The Wall of Tea

As a University student I witnessed a lot of different ways to live life. Coming to terms with plain fashioned old chaos was part of the whole experience for everyone. Being wretched from our homes for the first time and left alone to live in a strange new world full of people we had never met before was the feeling most of us felt at least once that first week, but more likely several more times throughout that first year.

What we didn’t know was that this common sense of abandonment and the general aura of loneliness on campus was the driving force cooking up the friendships that would keep us alive over the next four years. Not to mention the convenient grouping by relative age and interests that our classes provided. It was a virtual garden of growing social relationships, which real life in turn would deprive us of later on.

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In this state, a lot of us came into our own, discovering who we really were, or who we wanted to be. But there were always moments or lapses or phases, of unsurity, confusion, pain, frustration, failure and a feeling we didn’t belong in this fabricated and temporary world.  In all of these cases it was customary to cling to habits, routine, hobbies and other activities to help forget.

Some students take to the bottle with ferocity, and some do it socially but with more enthusiasm than the typical adult. Some fall into the world of narcotics, hallucinogens, stimulants and depressants to care for their budding fears and anxieties. Others I’ve seen try the professional approach; talking out their qualms about the system and about their life with a certified medical professional, or more likely a Masters’ student looking to get credit. Some students form stone solid relationships with a single other person, seeking and receiving comfort in that personal sense, isolating themselves from others for a time to cope with what they think is real life. Some devote their time to sport and physical fitness, some fall too far and develop disorder. Some stay up all night, alone in the physical regard, but surrounded by the vast and unending universe that is the internet. Others opt for the more social route and spend every waking moment with people, out on the town, around campus, expanding their real life social network by friendly converse or the collection of venereal diseases. And finally some take to their studies with meticulous and devoted fervor, spending days in the library or lab, fighting the battle of knowing all there is to know.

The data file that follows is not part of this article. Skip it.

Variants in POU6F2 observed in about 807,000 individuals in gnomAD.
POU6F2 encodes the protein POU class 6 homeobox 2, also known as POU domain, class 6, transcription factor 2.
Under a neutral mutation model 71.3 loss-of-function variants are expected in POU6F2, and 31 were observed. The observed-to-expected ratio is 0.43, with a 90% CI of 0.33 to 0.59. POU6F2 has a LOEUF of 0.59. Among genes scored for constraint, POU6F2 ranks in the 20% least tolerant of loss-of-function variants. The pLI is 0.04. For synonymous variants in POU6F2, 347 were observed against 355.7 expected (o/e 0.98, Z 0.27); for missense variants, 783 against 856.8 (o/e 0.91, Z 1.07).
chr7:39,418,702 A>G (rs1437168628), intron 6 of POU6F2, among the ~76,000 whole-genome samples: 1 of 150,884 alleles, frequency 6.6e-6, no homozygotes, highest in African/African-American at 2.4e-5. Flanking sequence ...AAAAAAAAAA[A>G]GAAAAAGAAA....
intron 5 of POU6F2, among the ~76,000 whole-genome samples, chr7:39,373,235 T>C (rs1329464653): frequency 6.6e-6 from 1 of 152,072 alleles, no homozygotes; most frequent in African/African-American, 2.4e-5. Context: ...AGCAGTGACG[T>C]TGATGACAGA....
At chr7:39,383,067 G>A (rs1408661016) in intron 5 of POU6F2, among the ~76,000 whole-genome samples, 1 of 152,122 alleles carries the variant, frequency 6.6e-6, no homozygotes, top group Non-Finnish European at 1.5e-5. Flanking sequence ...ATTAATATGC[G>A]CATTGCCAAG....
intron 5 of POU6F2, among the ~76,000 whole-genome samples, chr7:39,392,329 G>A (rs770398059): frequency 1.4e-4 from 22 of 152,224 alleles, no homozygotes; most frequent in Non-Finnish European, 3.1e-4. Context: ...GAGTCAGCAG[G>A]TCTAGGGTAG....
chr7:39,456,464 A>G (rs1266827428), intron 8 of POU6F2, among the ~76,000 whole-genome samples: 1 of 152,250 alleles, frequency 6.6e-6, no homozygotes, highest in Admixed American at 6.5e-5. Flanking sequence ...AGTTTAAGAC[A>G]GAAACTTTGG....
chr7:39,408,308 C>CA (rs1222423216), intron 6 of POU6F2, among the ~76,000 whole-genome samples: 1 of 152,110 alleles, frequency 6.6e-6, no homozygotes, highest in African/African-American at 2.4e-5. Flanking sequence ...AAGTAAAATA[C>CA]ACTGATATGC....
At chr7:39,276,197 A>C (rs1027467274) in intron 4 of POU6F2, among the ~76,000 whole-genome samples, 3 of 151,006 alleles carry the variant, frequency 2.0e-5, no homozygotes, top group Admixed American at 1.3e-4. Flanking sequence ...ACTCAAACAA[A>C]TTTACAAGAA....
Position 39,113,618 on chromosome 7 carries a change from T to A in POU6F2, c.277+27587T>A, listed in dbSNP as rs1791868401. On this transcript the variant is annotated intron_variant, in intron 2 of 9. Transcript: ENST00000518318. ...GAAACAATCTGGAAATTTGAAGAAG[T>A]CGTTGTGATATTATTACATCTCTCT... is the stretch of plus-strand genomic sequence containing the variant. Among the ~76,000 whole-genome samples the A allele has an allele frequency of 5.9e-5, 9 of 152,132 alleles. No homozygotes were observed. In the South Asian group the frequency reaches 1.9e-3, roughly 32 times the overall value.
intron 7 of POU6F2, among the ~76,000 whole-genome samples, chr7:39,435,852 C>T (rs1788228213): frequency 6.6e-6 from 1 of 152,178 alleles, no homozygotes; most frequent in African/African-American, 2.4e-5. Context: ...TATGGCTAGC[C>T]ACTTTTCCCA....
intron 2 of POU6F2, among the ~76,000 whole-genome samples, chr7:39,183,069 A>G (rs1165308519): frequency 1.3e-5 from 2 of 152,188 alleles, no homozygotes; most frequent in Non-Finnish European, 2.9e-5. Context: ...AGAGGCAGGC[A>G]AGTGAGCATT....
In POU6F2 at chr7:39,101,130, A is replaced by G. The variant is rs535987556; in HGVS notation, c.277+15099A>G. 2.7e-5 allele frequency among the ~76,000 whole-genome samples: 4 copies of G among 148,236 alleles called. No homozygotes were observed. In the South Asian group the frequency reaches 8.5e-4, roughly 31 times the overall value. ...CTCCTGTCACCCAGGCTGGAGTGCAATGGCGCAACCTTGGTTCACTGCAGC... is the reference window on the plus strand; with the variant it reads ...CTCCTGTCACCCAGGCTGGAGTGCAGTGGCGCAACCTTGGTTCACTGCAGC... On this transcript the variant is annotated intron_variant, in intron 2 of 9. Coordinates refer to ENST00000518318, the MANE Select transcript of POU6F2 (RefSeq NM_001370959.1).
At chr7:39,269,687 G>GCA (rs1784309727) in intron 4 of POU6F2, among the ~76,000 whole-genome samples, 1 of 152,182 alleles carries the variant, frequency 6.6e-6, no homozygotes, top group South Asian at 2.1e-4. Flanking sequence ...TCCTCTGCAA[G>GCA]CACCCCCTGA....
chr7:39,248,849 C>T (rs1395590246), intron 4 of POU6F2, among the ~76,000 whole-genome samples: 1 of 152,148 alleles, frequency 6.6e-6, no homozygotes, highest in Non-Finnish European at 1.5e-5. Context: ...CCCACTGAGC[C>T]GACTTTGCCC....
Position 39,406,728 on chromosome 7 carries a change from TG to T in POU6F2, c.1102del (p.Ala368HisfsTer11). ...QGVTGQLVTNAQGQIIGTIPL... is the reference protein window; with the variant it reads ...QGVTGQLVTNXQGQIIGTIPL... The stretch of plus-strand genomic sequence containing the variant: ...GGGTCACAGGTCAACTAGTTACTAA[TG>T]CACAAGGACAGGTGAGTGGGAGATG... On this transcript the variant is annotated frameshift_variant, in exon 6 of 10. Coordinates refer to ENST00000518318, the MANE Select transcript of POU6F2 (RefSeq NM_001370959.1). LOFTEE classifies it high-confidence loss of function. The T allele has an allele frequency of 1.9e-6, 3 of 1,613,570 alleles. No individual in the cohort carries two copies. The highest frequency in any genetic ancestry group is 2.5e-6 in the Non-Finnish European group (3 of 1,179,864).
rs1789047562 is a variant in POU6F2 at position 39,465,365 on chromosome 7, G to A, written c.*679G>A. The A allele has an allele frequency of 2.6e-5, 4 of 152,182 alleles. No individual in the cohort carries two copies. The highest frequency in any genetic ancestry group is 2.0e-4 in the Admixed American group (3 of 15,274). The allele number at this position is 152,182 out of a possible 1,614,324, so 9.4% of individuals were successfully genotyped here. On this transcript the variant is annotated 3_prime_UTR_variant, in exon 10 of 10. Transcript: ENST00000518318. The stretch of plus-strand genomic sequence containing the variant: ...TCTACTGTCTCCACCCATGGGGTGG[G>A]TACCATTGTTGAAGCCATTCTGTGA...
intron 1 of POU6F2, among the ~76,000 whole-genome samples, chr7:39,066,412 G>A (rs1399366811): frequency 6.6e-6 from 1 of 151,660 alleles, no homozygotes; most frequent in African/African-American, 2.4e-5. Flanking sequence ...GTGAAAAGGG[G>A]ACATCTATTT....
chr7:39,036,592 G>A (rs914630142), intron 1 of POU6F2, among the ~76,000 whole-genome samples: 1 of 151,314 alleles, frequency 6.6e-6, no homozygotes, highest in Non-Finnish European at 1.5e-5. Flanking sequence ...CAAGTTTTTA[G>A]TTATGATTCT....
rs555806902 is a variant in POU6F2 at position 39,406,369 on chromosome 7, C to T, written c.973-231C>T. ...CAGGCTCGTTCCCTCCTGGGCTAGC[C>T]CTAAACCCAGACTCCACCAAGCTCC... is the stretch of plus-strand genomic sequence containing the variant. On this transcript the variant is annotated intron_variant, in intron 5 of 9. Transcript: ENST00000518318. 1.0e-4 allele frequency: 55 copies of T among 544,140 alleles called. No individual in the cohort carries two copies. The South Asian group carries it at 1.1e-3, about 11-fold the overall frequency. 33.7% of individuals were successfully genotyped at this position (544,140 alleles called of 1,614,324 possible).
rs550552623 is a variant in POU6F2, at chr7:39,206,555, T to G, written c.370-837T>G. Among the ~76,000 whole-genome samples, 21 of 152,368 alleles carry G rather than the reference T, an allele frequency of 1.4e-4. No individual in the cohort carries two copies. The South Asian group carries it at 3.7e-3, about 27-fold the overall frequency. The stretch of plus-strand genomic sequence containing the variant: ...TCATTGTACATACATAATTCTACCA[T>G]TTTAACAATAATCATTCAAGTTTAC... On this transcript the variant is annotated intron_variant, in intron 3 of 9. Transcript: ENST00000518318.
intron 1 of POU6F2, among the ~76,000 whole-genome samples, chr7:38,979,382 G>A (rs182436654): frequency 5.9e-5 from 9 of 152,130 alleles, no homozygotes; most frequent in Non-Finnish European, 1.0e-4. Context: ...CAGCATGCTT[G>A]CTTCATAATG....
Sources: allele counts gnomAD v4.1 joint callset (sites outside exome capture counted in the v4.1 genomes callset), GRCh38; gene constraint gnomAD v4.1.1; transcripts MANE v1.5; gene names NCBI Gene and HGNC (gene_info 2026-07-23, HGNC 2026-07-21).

Most have discovered a healthy mix of all of the above and I imagine this is how the stereotype of student life was formed. All of it though, began as a way to hide the feeling that was fear of the world and being left alone in it.